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Diamond Sports Commits to Broadcast NBA, NHL Through This Season; MLB Relationship Still Unresolved

David Satin

The entire sports-viewing world has been anxiously awaiting the outcome of bankruptcy court proceedings for Diamond Sports Group (DSG). Diamond owns 19 regional sports networks (RSNs) operating under the Bally Sports brand, which cover a total of 14 MLB, 16 NBA and 12 NHL teams. The company also owns Bally Sports+, a streaming service that allows users to bypass pay TV to watch their favorite team.

DSG officially filed for bankruptcy on Tuesday, March 14, and is now in the midst of ongoing discussions in court about how it plans to restructure and become a viable money-making enterprise once again. Some of those discussions were held on Thursday and they revealed part of DSG’s strategy, as well as responses by some of the major sports leagues it does business with.

To start, Diamond representatives reaffirmed their commitment to broadcasting the rest of this season’s NBA and NHL games as planned. Brian Hermann, a lawyer representing DSG in its bankruptcy proceedings, noted that negotiations had been ongoing with those two leagues, and the discussions have been positive thus far.

“We had very constructive discussions with the NBA and the NHL,” Hermann said. “And I’m pleased to say I’ve made good progress in negotiations with each and we are going to continue to work with each of those leagues and their representatives to try to get to an agreement that will allow us to position the company for long-term success …There’s no doubt that we intend to pay NBA and NHL teams, they’re what we owe them for broadcast rights, at least through the end of the season.”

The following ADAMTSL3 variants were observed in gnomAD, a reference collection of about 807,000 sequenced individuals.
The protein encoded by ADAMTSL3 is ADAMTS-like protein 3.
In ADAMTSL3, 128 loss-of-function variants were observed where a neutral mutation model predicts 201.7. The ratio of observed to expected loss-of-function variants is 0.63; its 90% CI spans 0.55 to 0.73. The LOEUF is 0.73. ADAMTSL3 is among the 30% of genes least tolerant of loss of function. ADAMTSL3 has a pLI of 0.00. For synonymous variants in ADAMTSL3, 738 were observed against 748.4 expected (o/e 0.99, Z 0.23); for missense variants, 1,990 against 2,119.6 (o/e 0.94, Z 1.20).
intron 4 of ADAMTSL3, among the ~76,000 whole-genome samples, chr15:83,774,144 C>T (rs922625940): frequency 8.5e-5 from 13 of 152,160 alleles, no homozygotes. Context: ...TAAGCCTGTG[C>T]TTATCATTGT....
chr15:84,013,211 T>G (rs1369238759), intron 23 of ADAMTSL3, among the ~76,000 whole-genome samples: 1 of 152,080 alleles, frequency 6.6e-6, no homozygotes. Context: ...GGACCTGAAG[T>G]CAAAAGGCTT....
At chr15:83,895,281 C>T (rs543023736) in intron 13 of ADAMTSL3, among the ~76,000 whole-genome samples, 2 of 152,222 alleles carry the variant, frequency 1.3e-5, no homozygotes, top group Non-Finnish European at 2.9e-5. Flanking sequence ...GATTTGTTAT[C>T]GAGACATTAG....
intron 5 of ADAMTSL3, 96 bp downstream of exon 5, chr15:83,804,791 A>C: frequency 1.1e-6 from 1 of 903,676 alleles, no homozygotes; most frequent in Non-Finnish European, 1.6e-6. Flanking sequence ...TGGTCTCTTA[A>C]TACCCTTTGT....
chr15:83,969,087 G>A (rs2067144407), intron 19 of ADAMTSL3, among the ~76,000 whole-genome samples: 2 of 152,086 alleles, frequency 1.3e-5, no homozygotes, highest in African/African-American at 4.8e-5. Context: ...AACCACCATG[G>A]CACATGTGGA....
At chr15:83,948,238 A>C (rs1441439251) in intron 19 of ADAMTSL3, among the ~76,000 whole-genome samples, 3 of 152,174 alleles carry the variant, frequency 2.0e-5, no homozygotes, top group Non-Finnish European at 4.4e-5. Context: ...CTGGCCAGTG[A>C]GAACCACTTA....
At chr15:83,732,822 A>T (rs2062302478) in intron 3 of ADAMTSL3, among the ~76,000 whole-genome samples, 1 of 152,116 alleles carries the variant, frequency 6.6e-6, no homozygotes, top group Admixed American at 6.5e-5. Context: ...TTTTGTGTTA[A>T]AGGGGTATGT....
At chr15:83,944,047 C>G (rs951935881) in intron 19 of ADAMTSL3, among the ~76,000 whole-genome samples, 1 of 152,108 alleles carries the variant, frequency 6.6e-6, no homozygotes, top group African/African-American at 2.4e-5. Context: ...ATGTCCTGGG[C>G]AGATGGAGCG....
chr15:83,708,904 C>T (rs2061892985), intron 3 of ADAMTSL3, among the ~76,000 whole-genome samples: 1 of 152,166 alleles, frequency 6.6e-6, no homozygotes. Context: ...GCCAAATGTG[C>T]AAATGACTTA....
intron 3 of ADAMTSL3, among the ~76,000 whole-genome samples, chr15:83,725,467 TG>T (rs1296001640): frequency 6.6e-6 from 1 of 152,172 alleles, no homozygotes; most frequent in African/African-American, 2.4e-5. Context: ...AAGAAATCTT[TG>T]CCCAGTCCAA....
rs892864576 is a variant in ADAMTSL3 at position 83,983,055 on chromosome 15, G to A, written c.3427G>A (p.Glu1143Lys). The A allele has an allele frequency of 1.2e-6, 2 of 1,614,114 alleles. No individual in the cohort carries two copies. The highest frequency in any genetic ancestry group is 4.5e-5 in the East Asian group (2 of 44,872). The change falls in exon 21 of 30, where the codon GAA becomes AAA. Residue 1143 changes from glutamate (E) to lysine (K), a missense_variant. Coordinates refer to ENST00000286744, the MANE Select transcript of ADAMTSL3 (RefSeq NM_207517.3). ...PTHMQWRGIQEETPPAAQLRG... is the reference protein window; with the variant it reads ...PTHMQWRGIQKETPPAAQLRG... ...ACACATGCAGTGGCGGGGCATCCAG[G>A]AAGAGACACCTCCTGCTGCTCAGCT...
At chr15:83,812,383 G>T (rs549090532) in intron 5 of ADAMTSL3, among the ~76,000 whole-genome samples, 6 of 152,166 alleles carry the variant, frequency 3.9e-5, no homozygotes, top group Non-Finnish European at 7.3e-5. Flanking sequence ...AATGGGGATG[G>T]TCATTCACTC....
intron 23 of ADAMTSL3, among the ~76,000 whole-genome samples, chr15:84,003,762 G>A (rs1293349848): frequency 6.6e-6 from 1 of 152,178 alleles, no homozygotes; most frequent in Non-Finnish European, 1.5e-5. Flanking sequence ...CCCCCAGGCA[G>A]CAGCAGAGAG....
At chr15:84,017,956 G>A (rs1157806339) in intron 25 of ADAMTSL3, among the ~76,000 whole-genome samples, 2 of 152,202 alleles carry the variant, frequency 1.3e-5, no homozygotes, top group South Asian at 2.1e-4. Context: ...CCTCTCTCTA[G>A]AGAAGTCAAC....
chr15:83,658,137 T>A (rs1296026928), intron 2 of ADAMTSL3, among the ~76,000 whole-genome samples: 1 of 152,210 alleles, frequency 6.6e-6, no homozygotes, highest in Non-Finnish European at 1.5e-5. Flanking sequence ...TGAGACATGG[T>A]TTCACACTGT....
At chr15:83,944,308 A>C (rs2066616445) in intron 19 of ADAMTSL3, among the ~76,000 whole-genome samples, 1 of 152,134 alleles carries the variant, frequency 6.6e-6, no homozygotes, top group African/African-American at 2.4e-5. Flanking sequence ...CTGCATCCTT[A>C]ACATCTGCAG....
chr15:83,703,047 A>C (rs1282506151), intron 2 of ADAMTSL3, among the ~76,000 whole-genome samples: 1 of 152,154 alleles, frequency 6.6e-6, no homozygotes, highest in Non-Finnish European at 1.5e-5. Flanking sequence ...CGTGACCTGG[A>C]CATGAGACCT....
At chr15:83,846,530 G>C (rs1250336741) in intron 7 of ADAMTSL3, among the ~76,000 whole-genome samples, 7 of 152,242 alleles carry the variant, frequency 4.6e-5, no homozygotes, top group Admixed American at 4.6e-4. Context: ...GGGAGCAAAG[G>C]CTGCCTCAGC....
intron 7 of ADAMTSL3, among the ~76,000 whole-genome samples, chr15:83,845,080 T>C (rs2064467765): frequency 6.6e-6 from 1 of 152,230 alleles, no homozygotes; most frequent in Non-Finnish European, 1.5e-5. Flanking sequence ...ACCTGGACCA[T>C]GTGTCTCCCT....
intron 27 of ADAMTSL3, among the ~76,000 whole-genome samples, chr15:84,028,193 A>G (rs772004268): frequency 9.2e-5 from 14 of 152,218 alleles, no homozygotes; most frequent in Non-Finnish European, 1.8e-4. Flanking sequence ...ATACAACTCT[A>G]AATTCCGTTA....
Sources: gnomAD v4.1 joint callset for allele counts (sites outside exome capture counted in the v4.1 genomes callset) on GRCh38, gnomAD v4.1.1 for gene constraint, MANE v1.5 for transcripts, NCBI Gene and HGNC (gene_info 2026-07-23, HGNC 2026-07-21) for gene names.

Hermann also pushed back against the notion that DSG was circling the drain as a company, and reaffirmed that it was still hoping to attract more teams and leagues to doing business with it.

“I want to make it crystal clear that Diamond is open for business, and we’re not going anywhere,” he said. “There’s all kinds of press about Diamond going under, Diamond isn’t going to be able to broadcast games. Completely wrong. We’re not going anywhere.”

NBA representatives at the hearing were glad to hear DSG’s commitment to the rest of the current campaign, but noted that next season’s broadcast agreements with the company are still up in the air. NHL’s legal team was present for the hearing but did not offer any statements for the record.

“Given the value of our rights and their importance to Diamond, we believe we are entitled to receive the same treatment for next season, but have yet to reach an agreement with [DSG],” said an attorney from Prosaker Rose, which is representing the NBA in discussions with Diamond.

One thing that was noted repeatedly by DSG representatives in the call was the tenor of discussions between the company and the NBA/NHL as opposed to discussions with Major League Baseball. DSG’s relationship with MLB has consistently deteriorated since October, as Diamond has sought to obtain more streaming rights from the league. Currently, DSG has the streaming rights to just five of the 14 MLB teams it has broadcast rights for.